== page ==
There are a lot of animals prey on chameleons; snakes, scorpions, lizards, even other species of chameleons prey on them.
Male Veiled chameleons are so territorial and aggressive that seeing their own reflection in a mirror can trigger stress reactions, and thus pet owners who use glass cages are warned to cover their screens so that the chameleons cannot see their own reflections.
Their aggression notwithstanding, veiled chameleons are capable of recognizing their owners. It has been proven that like dogs, they recognize their owners and turn bright when they see their caregivers. When people other than their owners touch them, they turn dark and attempt to attack them or just curl into a fetal ball.
Chameleons have also been known to climb onto their owner’s hands or even shoulders like they are climbing trees at the sight of threats. They then attempt to change color to match the owner’s clothes or complexion as they would do on a tree.
22. Veiled chameleons cannot pass the mirror test
The mirror test is a test that is used to determine whether an animal can recognize itself in a mirror, which is therefore used to determine whether that animal is capable of self-awareness. When a veiled chameleon sees its own reflection, it thinks it is another intruding chameleon; it will either begin to hiss or try to find somewhere to hide.
Some chameleon owners have reported that veiled chameleons have surprisingly strong jaws and have been known to bite other chameleons and even their owners.
Chameleons are neither venomous nor carry any known diseases, so their bite is only a minor inconvenience for humans, it does not have any long-term effects. (See more: Don’t Worry about Chameleons’ Bite!)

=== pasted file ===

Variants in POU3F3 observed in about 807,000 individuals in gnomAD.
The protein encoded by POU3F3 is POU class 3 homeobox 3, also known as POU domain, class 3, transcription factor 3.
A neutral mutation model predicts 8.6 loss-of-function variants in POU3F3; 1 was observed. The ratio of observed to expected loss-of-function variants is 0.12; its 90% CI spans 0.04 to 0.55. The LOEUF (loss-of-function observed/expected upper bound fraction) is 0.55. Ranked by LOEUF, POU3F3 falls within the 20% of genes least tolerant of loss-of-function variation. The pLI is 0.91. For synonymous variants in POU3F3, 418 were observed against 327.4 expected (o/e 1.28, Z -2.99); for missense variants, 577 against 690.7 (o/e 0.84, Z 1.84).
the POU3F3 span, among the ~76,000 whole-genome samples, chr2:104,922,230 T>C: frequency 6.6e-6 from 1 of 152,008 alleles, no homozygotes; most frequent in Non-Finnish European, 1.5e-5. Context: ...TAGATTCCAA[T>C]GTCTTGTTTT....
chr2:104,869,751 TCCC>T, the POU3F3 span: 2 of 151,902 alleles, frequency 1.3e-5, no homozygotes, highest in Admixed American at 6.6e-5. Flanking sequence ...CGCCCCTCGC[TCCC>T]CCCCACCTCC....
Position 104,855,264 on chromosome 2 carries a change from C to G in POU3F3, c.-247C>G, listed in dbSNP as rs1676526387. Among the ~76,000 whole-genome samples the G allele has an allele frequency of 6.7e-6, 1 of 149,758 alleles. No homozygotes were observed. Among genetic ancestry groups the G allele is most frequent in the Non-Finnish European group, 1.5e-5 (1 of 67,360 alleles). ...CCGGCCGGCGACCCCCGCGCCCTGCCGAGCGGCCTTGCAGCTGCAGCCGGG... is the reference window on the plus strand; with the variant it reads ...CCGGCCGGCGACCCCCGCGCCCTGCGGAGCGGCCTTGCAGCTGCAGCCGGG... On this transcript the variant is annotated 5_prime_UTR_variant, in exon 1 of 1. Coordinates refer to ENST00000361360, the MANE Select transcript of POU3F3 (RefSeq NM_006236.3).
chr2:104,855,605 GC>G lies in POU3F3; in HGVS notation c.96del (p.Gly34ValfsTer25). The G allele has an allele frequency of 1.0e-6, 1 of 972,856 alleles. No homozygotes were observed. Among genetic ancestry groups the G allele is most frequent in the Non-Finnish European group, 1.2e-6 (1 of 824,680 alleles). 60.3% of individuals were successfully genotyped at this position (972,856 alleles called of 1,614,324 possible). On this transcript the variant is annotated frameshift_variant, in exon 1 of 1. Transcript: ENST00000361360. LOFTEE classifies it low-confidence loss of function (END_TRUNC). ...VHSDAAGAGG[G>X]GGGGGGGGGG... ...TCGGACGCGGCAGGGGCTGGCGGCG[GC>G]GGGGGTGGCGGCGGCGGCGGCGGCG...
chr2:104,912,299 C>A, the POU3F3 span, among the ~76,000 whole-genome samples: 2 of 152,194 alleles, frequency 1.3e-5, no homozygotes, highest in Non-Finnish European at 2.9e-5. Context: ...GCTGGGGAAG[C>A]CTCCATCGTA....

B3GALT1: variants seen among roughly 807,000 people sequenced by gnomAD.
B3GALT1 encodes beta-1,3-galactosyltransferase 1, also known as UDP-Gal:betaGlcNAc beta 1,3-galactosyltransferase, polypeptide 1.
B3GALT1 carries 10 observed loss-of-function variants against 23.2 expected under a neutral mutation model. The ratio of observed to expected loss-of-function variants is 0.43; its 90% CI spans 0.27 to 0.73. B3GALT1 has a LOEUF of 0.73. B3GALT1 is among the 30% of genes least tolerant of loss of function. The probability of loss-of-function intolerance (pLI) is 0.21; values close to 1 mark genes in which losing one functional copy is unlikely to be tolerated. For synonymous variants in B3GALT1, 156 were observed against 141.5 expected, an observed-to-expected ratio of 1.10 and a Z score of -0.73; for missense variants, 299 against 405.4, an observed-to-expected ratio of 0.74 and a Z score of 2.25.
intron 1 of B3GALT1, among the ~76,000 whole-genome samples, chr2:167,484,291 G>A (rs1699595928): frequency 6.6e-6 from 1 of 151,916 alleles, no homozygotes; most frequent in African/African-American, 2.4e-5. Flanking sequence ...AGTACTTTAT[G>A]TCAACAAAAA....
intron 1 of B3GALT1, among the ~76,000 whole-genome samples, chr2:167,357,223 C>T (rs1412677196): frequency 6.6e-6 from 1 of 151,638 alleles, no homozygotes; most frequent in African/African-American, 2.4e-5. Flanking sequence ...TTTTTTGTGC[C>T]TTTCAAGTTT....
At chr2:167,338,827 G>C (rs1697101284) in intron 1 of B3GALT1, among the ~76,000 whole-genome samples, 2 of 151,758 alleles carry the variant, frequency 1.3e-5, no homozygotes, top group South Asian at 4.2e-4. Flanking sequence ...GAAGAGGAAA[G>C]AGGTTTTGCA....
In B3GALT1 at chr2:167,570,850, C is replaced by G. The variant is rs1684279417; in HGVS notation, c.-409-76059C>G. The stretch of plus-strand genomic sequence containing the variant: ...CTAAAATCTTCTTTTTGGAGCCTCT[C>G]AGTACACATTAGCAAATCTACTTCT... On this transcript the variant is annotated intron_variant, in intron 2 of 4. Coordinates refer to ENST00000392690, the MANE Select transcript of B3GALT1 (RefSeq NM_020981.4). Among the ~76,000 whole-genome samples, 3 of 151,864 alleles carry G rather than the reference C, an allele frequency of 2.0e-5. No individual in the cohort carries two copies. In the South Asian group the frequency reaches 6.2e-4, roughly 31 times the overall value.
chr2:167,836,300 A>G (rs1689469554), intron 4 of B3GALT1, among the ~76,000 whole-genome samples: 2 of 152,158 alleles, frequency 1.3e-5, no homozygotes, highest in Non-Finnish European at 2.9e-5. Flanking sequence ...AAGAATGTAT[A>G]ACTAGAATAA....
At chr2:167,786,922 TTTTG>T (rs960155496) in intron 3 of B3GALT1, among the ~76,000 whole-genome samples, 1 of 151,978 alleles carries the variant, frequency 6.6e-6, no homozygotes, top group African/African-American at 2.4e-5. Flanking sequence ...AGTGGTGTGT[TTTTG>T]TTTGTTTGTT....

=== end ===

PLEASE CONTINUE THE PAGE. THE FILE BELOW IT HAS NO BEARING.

Chameleons do not have a clear or distinct sound that they make. However, they make inaudible purring or grunting sounds which they can be felt if touched. Chameleons also reportedly hiss when they are attacked or intimidated.
They also hiss to warn predators away or to warn people that they don’t know to stay away. Many owners have reported that when a chameleon starts to hiss, it is a sign that it is about to bite.
In captivity, hatchling veiled chameleons (chameleons which are younger than 8 months and have therefore not reached breeding age) can stay in smaller terrariums measuring about 18 inches long by 18 inches wide by 2 feet tall.
It is advisable to plant shrubs and plants that have climbing branches of around 2 feet long by 2 feet wide by 3feet tall. Once the veiled chameleons are eight months old and sexually active, they must be moved into the bigger enclosure. (See more: Best Terrarium size for a Veiled Chameleon)
Image Credit: Taiwan Chameleon
Breeding and Reproduction
Veiled chameleons become sexually mature at eight months old. Chameleons breed three times a year. The female lays up to 85 eggs and buries them in the sand for incubation. Veiled chameleon eggs are white in color, oval in shape and have tough skin. The gestation period for the veiled chameleon is between twenty to thirty days. (See more: 7 Things You Need to Know About Baby Chameleons )
27. Egg binding
Egg binding is a real medical condition that affects female veiled chameleons. When the female chameleon is unable to or unwilling to lay eggs, the eggs stay in her womb and use up the nutrients that the animal is supposed to use.
The eggs may also press on the chameleon’s lungs and make it unable to breathe and putting it at the risk of death by suffocation. The chameleon owner can prevent this by providing a bowl of sand in which the chameleon can lay its eggs and cover it.
The veiled chameleon cannot drink from a bowl of water, it will only drink water that drips into its mouth from leaves. Putting a bowl of water in the chameleon’s cage only increases the risk of it falling into the water and drowning. This is why chameleon care experts always say that the pet owner should spray his/her chameleon cage with water every day. (See more: Can Chameleons Drink Tap Water? (Drinking System))